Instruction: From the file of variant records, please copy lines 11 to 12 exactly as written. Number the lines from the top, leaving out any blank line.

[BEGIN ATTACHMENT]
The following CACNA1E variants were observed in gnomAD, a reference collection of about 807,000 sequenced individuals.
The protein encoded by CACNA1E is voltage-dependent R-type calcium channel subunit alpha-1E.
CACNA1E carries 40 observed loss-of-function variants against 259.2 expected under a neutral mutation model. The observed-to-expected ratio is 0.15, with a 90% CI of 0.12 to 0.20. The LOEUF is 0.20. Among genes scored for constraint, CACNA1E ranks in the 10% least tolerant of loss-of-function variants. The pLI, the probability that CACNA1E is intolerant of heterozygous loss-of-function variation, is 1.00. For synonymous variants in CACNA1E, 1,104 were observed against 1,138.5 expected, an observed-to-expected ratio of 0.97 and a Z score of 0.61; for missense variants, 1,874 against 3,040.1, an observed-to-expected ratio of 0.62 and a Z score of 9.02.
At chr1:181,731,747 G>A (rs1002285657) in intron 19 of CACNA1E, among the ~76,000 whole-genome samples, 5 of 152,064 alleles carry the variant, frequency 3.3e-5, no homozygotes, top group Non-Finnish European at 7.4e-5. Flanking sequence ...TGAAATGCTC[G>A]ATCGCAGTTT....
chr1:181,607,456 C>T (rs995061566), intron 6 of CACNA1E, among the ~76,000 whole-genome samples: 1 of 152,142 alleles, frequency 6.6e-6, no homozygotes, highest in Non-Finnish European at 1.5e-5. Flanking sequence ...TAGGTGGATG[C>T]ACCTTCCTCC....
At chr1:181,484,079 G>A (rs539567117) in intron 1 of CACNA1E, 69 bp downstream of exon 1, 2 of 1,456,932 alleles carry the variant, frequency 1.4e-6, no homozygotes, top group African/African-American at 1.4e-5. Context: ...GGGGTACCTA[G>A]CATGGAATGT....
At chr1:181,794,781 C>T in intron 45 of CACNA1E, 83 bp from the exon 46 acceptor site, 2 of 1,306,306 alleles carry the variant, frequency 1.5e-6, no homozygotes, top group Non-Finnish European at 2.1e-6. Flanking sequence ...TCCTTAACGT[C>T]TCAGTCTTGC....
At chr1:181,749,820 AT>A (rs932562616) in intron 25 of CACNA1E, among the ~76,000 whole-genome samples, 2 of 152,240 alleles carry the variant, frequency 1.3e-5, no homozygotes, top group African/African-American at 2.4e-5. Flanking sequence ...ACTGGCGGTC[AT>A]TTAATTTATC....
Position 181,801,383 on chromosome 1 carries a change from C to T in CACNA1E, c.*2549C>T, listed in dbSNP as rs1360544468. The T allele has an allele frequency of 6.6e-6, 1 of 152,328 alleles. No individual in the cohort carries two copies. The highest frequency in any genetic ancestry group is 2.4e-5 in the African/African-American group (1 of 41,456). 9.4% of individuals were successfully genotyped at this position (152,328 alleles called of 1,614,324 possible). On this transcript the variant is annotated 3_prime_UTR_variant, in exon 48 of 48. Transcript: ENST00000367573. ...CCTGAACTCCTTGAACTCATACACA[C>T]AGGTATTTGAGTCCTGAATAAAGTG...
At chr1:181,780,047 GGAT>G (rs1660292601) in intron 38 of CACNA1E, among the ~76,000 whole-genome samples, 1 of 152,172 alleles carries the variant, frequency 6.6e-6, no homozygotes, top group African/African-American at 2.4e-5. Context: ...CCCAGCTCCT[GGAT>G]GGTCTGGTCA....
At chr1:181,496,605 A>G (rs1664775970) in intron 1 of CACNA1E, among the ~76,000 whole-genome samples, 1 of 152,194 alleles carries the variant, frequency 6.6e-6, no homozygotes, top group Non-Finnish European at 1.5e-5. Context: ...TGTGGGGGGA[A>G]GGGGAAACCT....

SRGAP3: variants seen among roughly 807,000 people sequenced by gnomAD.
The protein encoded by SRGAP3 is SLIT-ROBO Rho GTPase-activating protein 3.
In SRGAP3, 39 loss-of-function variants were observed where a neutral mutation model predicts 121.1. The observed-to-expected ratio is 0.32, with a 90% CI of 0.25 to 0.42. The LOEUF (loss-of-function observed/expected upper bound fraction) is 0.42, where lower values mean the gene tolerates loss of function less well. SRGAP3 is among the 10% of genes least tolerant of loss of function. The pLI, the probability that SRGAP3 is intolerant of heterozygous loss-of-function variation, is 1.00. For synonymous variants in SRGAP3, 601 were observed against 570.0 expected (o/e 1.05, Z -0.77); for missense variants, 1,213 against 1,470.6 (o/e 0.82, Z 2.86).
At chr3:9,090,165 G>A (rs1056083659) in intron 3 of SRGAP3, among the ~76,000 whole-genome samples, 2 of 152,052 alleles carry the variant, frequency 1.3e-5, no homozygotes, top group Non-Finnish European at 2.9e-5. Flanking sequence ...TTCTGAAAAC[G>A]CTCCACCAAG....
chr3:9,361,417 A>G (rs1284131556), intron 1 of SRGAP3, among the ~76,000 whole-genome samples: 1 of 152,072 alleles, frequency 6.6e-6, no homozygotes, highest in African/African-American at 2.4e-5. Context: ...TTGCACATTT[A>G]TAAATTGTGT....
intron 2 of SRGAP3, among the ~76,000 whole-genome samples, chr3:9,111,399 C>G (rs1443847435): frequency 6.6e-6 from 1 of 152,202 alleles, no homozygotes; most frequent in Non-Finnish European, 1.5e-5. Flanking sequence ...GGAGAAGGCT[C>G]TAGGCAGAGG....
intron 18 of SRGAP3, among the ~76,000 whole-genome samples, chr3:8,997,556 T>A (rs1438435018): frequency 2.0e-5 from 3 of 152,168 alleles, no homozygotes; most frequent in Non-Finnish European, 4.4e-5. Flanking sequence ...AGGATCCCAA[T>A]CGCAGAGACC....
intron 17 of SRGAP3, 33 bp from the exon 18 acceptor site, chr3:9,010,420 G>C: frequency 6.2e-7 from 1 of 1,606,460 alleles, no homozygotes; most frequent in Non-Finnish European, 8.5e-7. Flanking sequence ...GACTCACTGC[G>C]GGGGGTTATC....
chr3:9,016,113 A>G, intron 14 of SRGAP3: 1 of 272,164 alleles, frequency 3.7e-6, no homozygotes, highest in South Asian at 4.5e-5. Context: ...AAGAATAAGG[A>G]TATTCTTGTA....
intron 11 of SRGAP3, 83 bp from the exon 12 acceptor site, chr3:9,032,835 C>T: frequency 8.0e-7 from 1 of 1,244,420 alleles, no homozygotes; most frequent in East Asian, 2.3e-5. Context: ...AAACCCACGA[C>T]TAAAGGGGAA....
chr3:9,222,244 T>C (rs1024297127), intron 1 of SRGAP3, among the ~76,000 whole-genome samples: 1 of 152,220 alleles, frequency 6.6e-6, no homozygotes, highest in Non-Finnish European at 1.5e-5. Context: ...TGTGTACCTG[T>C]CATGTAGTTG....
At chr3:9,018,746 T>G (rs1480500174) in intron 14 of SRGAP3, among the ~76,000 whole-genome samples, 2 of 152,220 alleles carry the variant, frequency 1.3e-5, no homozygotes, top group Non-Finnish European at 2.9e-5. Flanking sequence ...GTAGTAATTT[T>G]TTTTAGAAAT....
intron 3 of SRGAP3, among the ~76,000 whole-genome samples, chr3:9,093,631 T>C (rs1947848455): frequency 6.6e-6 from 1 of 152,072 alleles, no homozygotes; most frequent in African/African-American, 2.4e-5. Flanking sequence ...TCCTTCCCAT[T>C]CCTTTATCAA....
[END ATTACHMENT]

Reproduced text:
At chr1:181,496,605 A>G (rs1664775970) in intron 1 of CACNA1E, among the ~76,000 whole-genome samples, 1 of 152,194 alleles carries the variant, frequency 6.6e-6, no homozygotes, top group Non-Finnish European at 1.5e-5. Context: ...TGTGGGGGGA[A>G]GGGGAAACCT....

SRGAP3: variants seen among roughly 807,000 people sequenced by gnomAD.